Young and flexible - self-promotion versus self-fulfillment

August 2012

The focus on the quality of daily consumables has risen steeply in Germany since 2006. The engine of this trend, in particular, is the younger generation of consumers, which exhibits the added peculiarity that, driven by a compulsion to continuously lay bare every aspect of their lives in public, in the private sphere, by way of compensation, this group is searching for authenticity. Why? And what impact are the challenges posed by this era having on consumer attitudes?

To find out, it is worth first taking a closer look at the generations whose lifestyle realities and consumer habits are compared and contrasted below. The “reconstruction” generation of the post-war years is compared with the “affluent” generation of baby boomers born during the years of economic upswing in the 50s to mid-60s. They are followed by “Generation X“, who were born between 1967 and 1981 at a time when the cult of the individual was beginning.  By contrast with the affluent generation, this generation has and still is experiencing some tension between the opportunities and risks associated with the potential for choice and the uncertainty surrounding this, which is why this group is sometimes known as the “insecure” generation. The “flexible“ generation is the youngest generation included in the survey.  Born after 1981, this is a generation of people growing up during a period of constant high unemployment, and entering the job market around the millennium at a time requiring an increasing degree of flexibility. This is illustrated, for example, by the rising figures of temporary agency staff.  Because it exhibits a series of peculiarities in its consumer habits, the deliberations below focus on this generation.


Fresh and natural, but still convenient

Compared with the other three groups, for some years now, the trend in the younger, flexible generation when buying daily consumables has been towards freshness, natural products and regionality. At the same time, the trend towards convenience has distinctly fallen. These are the findings of the ConsumerScan representative GfK household panel, which surveys the purchases of daily consumables of 30,000 German households on a continuous basis and reconciles the results with socio-demographic factors, such as age, place of residence or size of household. Analysis of the data shows that between 2006 and 2011, the flexible generation demand for freshness and local products rose by more than 10 percentage points. At the same time, the desire for ready meals and convenience products making cooking easier (classic convenience orientation) declined in virtually the same measure. Although the trend is reiterated in other generations, it is significantly less pronounced there. However, in the oldest generation, that is, the reconstruction generation, the demand for convenience products has even risen.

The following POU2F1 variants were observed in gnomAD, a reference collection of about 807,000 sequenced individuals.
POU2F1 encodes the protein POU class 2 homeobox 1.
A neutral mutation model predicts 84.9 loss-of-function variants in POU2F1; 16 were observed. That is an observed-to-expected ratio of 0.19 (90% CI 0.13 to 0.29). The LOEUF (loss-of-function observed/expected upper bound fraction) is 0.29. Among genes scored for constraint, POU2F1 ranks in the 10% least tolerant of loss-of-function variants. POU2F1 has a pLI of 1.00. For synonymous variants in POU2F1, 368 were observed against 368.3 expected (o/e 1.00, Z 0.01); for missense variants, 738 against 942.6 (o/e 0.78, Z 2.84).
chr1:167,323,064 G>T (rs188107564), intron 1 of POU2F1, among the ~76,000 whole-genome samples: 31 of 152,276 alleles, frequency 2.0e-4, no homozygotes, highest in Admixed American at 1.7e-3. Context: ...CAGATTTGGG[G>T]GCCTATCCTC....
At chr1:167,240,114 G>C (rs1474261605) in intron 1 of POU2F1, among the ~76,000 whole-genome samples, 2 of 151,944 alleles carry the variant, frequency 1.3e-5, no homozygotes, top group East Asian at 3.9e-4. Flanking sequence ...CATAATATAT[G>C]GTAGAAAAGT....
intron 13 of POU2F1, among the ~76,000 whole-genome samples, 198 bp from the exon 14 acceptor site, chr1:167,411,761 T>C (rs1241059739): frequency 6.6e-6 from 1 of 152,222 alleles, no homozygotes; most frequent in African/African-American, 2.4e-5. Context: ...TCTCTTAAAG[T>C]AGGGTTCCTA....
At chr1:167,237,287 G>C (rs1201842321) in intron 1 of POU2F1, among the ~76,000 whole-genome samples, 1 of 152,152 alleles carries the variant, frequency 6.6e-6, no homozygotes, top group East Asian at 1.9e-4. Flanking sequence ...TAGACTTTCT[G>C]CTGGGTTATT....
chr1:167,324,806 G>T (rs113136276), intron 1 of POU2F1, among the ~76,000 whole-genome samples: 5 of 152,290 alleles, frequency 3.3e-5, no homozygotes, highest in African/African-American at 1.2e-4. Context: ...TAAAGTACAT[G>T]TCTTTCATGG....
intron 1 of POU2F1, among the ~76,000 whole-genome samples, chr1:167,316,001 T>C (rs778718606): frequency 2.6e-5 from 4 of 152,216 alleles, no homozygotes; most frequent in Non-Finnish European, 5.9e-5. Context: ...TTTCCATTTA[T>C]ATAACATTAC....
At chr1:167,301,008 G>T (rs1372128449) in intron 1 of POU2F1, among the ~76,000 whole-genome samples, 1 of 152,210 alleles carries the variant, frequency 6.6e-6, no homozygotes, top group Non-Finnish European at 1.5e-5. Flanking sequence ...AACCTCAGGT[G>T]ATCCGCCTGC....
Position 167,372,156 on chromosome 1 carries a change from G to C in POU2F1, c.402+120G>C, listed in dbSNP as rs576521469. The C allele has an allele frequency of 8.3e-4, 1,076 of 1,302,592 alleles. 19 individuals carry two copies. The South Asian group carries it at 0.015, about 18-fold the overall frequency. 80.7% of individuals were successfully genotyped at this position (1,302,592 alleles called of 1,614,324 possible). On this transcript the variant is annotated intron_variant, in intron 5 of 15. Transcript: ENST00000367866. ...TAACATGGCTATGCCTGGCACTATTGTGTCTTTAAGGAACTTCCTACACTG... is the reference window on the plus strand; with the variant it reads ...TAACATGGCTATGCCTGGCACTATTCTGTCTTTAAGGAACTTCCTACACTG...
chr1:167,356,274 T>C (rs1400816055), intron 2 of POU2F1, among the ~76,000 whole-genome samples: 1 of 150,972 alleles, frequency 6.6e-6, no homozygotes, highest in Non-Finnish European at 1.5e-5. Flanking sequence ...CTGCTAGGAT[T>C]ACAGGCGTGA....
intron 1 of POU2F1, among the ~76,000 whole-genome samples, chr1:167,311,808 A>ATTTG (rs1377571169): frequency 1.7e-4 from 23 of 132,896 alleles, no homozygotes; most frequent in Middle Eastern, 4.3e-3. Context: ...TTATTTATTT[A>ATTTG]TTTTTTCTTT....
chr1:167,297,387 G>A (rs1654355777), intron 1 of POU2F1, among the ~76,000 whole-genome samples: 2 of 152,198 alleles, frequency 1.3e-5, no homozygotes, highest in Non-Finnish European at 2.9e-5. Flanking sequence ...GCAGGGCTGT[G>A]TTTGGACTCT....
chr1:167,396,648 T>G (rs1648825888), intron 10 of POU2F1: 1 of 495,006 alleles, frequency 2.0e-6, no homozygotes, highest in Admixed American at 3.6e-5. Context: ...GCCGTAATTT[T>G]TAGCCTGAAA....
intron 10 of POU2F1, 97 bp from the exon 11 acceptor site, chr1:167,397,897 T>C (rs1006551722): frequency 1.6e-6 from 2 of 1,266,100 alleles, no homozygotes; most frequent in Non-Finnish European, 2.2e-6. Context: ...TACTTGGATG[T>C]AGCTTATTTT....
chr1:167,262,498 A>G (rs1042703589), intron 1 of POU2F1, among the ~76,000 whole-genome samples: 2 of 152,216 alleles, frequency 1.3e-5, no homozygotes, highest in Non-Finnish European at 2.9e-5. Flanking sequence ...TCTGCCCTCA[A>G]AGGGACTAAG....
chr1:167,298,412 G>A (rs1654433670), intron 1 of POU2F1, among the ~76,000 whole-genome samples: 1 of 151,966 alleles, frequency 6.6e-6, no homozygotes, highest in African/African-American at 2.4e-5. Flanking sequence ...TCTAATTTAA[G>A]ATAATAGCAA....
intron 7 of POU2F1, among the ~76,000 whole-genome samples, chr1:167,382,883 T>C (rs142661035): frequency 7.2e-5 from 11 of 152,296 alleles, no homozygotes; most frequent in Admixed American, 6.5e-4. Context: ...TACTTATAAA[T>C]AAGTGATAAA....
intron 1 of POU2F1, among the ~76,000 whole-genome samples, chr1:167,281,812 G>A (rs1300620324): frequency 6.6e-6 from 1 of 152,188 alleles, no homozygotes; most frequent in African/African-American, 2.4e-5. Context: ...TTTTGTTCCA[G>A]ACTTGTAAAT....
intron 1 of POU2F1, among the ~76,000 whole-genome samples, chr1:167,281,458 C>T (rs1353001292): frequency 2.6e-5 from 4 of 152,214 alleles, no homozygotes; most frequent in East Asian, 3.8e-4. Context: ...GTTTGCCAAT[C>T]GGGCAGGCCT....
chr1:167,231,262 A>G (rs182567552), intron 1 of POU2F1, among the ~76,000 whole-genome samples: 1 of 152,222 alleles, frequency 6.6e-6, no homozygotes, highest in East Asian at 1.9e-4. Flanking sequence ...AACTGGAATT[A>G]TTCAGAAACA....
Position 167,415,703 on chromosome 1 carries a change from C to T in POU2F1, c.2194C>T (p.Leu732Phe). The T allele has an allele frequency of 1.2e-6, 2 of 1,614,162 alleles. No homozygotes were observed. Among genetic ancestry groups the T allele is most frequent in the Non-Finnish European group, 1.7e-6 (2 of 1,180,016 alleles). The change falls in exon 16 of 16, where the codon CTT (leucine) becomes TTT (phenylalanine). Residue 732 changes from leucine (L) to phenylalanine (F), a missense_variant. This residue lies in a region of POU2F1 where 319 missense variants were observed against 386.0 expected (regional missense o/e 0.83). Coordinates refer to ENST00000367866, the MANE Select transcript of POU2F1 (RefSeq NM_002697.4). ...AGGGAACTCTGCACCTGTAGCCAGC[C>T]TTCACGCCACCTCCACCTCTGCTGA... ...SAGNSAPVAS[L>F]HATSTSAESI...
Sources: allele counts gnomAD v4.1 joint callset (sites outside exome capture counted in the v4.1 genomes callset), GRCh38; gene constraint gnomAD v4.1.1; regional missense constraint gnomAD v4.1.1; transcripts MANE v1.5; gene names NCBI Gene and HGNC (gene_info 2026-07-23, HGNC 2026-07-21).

Nevertheless, the downturn in convenience orientation in younger consumers still offers producers and retailers potential opportunities, if they are successful in making convenience products fresher, more natural and more local. Although younger, flexible consumers want more natural products, at the same time, they have less time to prepare natural products themselves. Some producers have already identified the inherent opportunity this offers and positioned their ready-to-eat products in such a way as to give them a “fresh” context.

Quality awareness on the increase, price sensitivity on a downward trend